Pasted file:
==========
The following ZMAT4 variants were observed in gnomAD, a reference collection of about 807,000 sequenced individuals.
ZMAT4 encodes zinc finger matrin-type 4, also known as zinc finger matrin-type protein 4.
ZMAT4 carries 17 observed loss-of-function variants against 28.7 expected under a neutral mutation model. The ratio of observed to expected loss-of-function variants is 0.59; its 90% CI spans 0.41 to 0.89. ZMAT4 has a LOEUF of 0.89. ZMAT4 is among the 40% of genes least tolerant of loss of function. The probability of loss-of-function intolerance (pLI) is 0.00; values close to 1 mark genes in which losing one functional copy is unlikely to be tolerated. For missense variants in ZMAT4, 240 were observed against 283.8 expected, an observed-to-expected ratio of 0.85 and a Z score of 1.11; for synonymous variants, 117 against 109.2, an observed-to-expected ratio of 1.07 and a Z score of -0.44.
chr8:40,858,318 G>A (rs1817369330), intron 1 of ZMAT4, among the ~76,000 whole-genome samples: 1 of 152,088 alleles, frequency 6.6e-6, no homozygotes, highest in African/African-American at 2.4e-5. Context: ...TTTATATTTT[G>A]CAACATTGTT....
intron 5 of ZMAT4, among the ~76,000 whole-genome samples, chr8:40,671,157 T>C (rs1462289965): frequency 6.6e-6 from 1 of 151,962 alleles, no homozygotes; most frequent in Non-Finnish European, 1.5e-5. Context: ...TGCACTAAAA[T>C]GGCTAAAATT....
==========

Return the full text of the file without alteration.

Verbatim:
The following ZMAT4 variants were observed in gnomAD, a reference collection of about 807,000 sequenced individuals.
ZMAT4 encodes zinc finger matrin-type 4, also known as zinc finger matrin-type protein 4.
ZMAT4 carries 17 observed loss-of-function variants against 28.7 expected under a neutral mutation model. The ratio of observed to expected loss-of-function variants is 0.59; its 90% CI spans 0.41 to 0.89. ZMAT4 has a LOEUF of 0.89. ZMAT4 is among the 40% of genes least tolerant of loss of function. The probability of loss-of-function intolerance (pLI) is 0.00; values close to 1 mark genes in which losing one functional copy is unlikely to be tolerated. For missense variants in ZMAT4, 240 were observed against 283.8 expected, an observed-to-expected ratio of 0.85 and a Z score of 1.11; for synonymous variants, 117 against 109.2, an observed-to-expected ratio of 1.07 and a Z score of -0.44.
chr8:40,858,318 G>A (rs1817369330), intron 1 of ZMAT4, among the ~76,000 whole-genome samples: 1 of 152,088 alleles, frequency 6.6e-6, no homozygotes, highest in African/African-American at 2.4e-5. Context: ...TTTATATTTT[G>A]CAACATTGTT....
intron 5 of ZMAT4, among the ~76,000 whole-genome samples, chr8:40,671,157 T>C (rs1462289965): frequency 6.6e-6 from 1 of 151,962 alleles, no homozygotes; most frequent in Non-Finnish European, 1.5e-5. Context: ...TGCACTAAAA[T>C]GGCTAAAATT....